In Morocco, mealtime is a social event. Common rituals include washing the hands before eating and drinking tea before and after a meal. Moroccans eat with the fingers of their right hand, taking food from a shared platter. Before the meal, people give thanks to God by saying "Bismillah." They say "Al Hamdu Lillah" meaning "Thank God" at the end of the meal.
A central ingredient in Moroccan cuisine is couscous (granular semolina), which is steamed and served with spices, vegetables, nuts and raisins, and often served with rich spicy stews and roasted meats. Lamb is the most commonly served meat. Moroccan roasted lamb is so well cooked that it falls apart easily. Meat and fish are usually grilled, stewed or cooked for several hours in an earthenware pot with a cone-shaped lid known as tajine - a name that stands for both the pot and the dish.
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Shopkeepers in the spice markets of Morocco make special mixtures that contain from 10 to 100 spices. Each vendor uses a secret recipe, and no two are ever exactly alike.
Dried apricots, dates, figs, raisins, pine nuts, almonds and pistachios are used in many dishes. Lemons, preserved in a mixture of lemon juice and salt, add a unique taste to chicken and pigeon dishes. Spices, such as cumin, coriander, saffron, chilis, dried ginger and cinnamon also add special flavours. Harissa, a paste of garlic, chilis, olive oil and salt, makes dishes fiery hot. Desserts may be flavoured with cinnamon or almonds. Briouat is a pastry made of ground nuts rolled in phyllo and soaked in honey.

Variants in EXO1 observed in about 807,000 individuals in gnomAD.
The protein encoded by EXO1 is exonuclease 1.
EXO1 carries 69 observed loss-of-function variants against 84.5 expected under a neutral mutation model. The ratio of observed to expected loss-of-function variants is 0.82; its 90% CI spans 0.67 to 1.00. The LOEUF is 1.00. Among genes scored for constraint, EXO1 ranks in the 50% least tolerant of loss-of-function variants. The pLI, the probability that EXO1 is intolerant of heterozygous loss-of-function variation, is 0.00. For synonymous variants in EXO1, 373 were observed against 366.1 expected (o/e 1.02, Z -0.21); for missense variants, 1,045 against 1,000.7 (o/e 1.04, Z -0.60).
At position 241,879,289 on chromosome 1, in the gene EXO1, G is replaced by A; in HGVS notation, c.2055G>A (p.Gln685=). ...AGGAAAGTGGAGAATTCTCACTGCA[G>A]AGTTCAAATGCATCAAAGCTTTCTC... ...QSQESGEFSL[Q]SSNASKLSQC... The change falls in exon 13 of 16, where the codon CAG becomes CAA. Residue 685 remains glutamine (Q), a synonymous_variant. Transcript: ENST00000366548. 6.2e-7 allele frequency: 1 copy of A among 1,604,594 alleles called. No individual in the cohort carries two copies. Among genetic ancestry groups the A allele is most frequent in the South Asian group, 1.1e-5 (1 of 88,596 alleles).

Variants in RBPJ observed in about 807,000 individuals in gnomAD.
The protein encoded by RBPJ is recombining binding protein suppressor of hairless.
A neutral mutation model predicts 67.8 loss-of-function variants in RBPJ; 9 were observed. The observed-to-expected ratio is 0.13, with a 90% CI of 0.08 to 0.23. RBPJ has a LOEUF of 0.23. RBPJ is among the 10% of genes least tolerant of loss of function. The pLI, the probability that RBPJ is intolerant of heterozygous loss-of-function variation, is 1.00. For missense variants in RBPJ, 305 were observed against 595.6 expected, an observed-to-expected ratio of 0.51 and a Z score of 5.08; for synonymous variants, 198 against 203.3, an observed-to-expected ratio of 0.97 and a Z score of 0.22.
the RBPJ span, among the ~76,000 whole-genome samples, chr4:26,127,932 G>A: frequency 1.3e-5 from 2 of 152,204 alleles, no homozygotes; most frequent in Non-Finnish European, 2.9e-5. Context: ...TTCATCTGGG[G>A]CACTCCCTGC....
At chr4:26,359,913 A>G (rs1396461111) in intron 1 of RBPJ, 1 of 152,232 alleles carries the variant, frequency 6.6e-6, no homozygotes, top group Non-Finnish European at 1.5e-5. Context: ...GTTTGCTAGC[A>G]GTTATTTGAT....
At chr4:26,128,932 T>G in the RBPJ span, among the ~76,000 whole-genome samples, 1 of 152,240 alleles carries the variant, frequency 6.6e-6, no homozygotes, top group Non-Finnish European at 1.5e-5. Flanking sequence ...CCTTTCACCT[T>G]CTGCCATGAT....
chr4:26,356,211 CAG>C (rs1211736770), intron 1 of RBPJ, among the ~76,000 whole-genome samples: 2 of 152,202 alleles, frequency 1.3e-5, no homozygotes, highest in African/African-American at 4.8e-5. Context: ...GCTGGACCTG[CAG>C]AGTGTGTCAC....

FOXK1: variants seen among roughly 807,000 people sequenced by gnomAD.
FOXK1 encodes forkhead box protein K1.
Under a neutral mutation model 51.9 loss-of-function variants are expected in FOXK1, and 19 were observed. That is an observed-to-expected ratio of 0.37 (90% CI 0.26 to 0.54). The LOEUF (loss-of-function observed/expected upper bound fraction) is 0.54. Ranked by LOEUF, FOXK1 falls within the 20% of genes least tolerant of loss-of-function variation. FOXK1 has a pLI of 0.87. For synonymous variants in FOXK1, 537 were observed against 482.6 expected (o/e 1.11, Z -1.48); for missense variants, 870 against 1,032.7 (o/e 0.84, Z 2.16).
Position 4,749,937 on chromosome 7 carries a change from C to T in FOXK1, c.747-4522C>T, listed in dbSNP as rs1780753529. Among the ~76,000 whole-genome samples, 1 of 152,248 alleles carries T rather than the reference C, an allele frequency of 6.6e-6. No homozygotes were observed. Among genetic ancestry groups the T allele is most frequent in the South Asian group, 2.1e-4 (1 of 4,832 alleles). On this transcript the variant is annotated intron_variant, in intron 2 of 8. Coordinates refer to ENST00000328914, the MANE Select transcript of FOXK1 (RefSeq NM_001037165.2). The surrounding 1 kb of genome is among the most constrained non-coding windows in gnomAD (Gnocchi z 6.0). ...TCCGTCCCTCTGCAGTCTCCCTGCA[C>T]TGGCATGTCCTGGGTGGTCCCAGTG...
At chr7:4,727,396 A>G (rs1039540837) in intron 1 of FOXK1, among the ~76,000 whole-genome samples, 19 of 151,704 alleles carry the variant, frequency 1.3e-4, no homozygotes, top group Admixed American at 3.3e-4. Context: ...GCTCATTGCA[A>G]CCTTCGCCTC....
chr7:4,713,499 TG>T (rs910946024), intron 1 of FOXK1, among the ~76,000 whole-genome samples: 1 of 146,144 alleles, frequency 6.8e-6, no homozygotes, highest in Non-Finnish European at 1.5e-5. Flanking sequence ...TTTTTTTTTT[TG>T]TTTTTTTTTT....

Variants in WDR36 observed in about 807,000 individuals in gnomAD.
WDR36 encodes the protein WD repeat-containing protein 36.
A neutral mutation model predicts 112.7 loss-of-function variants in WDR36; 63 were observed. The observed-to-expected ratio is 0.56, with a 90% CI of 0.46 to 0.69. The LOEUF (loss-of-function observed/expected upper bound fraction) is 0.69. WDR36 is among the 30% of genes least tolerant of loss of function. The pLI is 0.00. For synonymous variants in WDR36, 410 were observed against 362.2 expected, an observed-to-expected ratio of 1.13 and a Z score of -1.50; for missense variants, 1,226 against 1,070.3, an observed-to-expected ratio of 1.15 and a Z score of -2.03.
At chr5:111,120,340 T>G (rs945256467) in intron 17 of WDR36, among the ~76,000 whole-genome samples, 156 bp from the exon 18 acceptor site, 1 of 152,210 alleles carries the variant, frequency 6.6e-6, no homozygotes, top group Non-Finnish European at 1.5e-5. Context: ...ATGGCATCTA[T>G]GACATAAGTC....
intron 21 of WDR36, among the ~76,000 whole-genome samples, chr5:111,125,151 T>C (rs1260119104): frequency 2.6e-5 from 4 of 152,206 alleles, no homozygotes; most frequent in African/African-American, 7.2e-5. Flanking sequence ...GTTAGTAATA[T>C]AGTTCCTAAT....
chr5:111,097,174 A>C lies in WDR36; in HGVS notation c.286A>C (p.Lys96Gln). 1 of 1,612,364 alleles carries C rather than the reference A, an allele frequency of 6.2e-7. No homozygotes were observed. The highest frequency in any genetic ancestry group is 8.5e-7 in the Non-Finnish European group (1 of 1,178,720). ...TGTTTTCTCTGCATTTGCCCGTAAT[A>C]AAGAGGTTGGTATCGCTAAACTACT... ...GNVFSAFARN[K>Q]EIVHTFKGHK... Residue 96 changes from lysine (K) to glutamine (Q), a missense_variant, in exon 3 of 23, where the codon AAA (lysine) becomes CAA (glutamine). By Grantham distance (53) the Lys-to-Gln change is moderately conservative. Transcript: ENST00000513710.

Every rural household makes its own bread from semolina flour. Before a loaf is sent to the community’s main oven, the family places its own mark or stamp on the dough to prevent confusion at the bakery.

It may take a hostess a full week to prepare a special meal for guests. Festive meals often have up to five courses. A full day’s work can go into the bstilla, thin pastry filled with chicken mixture. Dinner starts with bstilla, followed by a flavoured kebab. The tajine is next, served with khubz, a round spongy bread. The final course is melon and pastries, washed down with a small glass of mint tea.

In the month of Ramadan, when Muslims fast during the daylight hours, harira soup may be served in the evening. The soup contains chunks of lamb, seasoned with various herbs and spices and thickened with flour and eggs.

  Mint Tea 

3 tbsp black or green tea (do not use teabags)
fresh mint leaves (approx. one handful)
125 ml sugar or to taste


Pour boiling water into a large teapot, rinse and throw water away. Add tea, mint leaves and sugar. Fill the teapot to the brim with more boiling water. Allow to steep, covered, for 5 minutes. Stir and taste the liquid to see if it is sweet enough. Strain into small glasses.